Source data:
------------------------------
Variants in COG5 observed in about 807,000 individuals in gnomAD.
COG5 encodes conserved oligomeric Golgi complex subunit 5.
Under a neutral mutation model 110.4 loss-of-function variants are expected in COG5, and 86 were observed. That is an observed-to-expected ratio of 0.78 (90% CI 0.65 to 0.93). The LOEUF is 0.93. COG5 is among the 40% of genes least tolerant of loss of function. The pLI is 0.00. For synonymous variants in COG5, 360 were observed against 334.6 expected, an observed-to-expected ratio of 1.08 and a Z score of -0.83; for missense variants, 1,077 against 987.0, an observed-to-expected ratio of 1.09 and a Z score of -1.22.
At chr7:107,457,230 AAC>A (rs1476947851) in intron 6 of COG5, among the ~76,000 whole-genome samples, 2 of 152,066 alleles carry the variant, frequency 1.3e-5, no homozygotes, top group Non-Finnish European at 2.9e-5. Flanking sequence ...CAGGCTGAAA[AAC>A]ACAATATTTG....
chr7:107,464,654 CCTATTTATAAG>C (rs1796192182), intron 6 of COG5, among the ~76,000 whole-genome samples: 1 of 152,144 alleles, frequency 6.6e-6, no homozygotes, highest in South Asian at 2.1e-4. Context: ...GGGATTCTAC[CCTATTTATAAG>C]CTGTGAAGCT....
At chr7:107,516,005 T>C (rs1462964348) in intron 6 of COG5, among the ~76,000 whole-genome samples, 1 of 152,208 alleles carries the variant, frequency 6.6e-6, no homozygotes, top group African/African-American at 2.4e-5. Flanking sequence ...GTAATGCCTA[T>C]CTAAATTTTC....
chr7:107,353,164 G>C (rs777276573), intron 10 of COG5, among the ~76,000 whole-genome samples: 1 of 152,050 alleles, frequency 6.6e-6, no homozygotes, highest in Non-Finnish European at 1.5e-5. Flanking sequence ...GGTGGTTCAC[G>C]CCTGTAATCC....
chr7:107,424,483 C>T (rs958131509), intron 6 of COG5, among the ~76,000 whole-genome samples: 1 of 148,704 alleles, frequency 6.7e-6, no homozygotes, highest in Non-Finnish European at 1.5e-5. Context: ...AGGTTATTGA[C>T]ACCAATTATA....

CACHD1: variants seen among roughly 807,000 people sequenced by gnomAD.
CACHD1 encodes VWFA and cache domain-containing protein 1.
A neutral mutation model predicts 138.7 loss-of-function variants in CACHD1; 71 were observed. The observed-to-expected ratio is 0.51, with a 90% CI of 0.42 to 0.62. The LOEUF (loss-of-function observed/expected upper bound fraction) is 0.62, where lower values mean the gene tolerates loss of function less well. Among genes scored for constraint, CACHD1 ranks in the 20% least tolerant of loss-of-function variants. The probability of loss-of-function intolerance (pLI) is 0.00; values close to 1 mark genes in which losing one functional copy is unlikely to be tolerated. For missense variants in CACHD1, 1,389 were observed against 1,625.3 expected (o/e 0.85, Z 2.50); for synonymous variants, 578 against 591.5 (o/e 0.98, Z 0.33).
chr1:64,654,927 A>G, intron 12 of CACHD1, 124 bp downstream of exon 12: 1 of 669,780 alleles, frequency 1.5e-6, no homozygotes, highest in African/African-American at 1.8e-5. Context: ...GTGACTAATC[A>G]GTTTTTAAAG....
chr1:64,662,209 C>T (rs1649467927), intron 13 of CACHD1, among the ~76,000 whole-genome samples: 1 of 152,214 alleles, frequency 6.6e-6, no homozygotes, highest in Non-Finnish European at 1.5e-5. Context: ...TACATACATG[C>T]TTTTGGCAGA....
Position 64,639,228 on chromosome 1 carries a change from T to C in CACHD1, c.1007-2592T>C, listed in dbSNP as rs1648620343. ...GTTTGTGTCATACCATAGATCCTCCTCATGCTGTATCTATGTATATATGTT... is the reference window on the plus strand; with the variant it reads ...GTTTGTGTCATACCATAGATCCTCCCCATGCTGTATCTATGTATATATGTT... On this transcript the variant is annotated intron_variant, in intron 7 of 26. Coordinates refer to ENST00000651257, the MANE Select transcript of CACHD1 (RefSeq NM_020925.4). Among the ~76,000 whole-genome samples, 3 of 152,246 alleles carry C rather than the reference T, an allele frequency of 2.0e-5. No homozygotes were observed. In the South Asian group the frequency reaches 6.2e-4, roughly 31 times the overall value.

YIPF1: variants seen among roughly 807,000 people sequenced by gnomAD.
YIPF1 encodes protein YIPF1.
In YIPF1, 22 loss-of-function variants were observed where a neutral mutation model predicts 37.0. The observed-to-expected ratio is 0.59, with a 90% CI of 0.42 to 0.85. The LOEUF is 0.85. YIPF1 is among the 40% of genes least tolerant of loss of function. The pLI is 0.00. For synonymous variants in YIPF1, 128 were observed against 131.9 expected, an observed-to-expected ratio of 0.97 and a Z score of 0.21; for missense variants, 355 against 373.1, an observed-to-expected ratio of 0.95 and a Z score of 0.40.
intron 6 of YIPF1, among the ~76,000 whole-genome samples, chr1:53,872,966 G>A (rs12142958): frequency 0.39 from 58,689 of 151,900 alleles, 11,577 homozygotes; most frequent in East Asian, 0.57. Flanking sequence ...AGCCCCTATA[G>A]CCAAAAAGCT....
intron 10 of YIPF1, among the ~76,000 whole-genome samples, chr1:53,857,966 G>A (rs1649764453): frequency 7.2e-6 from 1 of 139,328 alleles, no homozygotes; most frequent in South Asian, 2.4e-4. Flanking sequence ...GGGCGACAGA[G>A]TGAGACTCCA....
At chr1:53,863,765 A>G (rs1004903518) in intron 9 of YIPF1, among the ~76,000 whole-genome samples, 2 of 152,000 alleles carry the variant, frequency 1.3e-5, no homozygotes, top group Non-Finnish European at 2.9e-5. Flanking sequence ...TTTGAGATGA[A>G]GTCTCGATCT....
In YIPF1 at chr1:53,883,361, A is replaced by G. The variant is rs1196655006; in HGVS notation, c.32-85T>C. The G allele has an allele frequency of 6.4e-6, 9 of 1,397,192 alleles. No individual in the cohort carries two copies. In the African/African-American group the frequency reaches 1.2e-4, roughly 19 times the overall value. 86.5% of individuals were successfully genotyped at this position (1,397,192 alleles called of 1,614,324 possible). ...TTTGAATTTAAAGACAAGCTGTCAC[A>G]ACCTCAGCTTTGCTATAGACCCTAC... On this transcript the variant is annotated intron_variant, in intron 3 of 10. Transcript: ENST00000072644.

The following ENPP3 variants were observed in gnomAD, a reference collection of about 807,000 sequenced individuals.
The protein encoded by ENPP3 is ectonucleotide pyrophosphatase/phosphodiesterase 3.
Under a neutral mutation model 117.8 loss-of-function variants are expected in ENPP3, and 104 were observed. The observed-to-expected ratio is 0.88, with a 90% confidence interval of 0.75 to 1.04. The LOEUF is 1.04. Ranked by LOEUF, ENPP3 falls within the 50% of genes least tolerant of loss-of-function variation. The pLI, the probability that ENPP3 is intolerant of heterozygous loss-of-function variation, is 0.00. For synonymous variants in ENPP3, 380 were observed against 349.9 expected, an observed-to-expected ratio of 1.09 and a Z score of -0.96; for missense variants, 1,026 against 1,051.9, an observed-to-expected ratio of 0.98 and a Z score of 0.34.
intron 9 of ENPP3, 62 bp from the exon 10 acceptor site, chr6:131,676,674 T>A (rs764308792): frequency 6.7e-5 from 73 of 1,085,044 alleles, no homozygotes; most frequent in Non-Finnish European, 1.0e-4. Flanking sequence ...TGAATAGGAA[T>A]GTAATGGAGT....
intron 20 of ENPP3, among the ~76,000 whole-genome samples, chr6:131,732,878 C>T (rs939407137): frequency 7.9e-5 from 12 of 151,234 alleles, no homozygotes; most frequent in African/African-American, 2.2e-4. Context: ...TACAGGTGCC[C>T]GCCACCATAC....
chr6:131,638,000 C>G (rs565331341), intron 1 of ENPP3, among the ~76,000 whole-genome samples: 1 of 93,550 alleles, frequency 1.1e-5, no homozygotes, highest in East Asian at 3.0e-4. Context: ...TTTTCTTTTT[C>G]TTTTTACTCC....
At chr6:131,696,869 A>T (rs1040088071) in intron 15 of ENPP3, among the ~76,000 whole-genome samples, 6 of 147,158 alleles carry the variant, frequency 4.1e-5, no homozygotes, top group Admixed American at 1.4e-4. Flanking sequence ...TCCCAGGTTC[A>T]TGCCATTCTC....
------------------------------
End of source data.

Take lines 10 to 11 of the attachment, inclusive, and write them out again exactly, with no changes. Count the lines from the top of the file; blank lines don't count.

CACHD1 encodes VWFA and cache domain-containing protein 1.
A neutral mutation model predicts 138.7 loss-of-function variants in CACHD1; 71 were observed. The observed-to-expected ratio is 0.51, with a 90% CI of 0.42 to 0.62. The LOEUF (loss-of-function observed/expected upper bound fraction) is 0.62, where lower values mean the gene tolerates loss of function less well. Among genes scored for constraint, CACHD1 ranks in the 20% least tolerant of loss-of-function variants. The probability of loss-of-function intolerance (pLI) is 0.00; values close to 1 mark genes in which losing one functional copy is unlikely to be tolerated. For missense variants in CACHD1, 1,389 were observed against 1,625.3 expected (o/e 0.85, Z 2.50); for synonymous variants, 578 against 591.5 (o/e 0.98, Z 0.33).